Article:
Thursday, June 17, 2010

Marx and Corporatism, or a response to "The Nationalisation of the Land

Which is Here. There are a lot of trends in Marx, one of which is revolutionary and one of which is evolutionary. The one that's revolutionary tends to have more opportunities for a non-statist interpretation than the evolutionary one does. In "The Nationalisation of the Land" Marx foresees the necessity of small scale agriculture giving way to large scale, organized, cultivation using modern technology and science. This is seen as a need that will lead to socialism by legislative fiat, with the State taking over land as a whole and then leasing it out to democratically organized associations, which presumably would be integrated into a large scale plan lead by the State itself. Putting aside concerns about modern technology in the form of fertilizers and such along with the real effects of this sort of production for the moment, it looks as though Marx was onto something, but that that future sort of social production he was predicting hasn't come to pass as socialism but as corporatism, with corporate Agribusiness fulfilling the role of the coordinator and organizer of agricultural production. There's plenty of science, plenty of research, plenty of planning, in large scale farms. It has increased yields, although the penalties for pursuing those avenues are adding up. The problem is that there's nothing democratic about it. Neither is the production being done for the benefit of anyone else but the corporations themselves. It seems that it's more than possible for a collective, scientific, planned sector of an economy to be totally in private hands and to totally support the values of the capitalist system, to in fact become the system itself.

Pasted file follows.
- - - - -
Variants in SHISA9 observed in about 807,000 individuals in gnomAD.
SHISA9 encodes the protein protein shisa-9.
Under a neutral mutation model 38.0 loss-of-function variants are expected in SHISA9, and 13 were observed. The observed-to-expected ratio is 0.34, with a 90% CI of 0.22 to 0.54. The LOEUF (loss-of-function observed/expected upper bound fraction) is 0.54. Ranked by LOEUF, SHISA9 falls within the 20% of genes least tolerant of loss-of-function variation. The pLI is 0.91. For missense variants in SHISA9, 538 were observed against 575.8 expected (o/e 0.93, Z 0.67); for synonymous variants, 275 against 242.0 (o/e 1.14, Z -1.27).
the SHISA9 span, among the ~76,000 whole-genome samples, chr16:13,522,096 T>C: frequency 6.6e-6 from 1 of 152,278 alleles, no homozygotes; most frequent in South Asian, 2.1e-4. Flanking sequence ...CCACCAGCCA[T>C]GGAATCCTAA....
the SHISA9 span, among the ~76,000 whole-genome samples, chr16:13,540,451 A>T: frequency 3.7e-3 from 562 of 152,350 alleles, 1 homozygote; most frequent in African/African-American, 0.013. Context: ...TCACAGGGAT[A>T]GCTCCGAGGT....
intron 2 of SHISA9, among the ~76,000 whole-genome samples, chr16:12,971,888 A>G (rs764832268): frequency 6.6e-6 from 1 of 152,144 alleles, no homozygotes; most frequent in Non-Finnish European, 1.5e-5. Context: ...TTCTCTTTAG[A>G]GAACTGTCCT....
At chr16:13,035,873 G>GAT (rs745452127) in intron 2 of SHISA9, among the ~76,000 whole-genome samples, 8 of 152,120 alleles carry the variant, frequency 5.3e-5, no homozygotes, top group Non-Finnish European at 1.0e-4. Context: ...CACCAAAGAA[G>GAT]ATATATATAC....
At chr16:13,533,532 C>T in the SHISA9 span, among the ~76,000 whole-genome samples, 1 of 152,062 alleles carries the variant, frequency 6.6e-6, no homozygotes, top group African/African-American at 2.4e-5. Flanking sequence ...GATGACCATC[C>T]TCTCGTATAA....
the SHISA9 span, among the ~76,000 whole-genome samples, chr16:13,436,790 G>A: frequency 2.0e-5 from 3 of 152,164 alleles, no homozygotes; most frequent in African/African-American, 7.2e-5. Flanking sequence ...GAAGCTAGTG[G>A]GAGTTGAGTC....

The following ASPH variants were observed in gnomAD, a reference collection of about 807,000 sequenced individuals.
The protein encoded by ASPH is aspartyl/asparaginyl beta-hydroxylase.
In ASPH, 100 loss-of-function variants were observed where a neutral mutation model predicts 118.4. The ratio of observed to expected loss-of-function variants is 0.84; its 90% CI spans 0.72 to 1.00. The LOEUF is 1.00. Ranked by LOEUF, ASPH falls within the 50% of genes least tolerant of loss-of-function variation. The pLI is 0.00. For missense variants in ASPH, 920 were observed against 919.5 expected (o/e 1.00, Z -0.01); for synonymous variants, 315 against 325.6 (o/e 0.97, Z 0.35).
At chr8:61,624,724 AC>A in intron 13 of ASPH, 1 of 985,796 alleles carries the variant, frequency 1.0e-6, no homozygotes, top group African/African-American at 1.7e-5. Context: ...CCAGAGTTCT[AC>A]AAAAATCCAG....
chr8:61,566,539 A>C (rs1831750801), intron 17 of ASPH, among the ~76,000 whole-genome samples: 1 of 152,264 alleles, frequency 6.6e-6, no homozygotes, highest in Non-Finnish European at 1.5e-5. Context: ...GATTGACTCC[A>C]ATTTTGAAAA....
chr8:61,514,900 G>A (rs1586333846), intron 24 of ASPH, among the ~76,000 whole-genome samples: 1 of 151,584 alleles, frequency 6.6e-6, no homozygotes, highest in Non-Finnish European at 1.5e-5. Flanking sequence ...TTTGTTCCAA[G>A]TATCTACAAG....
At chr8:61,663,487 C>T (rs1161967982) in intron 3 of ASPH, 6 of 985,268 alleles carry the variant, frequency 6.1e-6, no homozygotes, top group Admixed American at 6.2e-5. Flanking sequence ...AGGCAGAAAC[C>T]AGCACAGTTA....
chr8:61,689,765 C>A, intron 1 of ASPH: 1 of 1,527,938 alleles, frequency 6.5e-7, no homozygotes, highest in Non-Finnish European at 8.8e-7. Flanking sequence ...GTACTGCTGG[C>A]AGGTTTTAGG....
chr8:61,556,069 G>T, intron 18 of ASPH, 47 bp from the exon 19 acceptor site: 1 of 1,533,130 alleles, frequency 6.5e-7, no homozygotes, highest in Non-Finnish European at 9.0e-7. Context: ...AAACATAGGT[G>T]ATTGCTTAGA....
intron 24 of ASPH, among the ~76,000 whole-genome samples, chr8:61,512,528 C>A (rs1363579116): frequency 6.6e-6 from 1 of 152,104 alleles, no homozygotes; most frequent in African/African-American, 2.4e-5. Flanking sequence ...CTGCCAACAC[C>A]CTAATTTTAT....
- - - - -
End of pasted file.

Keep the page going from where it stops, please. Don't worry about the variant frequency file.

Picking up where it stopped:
Most people would see corporatism as a sort of Fascism, rather than socialism. If this is the case, it suggests that something radically different from simple collective planning of production is necessary to really make a socialist society, that capital is not going to peacefully give up it's power and automatically transform itself into something reminiscent of socialism, and that most importantly that capital can absorb some of the lessons of socialist organization without thereby becoming socialist itself. Corporatist capitalism is as much capitalism as anything else.

A solution would be to focus on basically taking over and constraining, or destroying, large parts of the corporate system and the capital that it embodies, binding it to the ground instead of letting it sort of float free over everyone.

*on edit: what this suggests is that nationalization is not enough. The corporate system has to be restrained and brought down, and that can only truly happen in a movement from below.

No comments: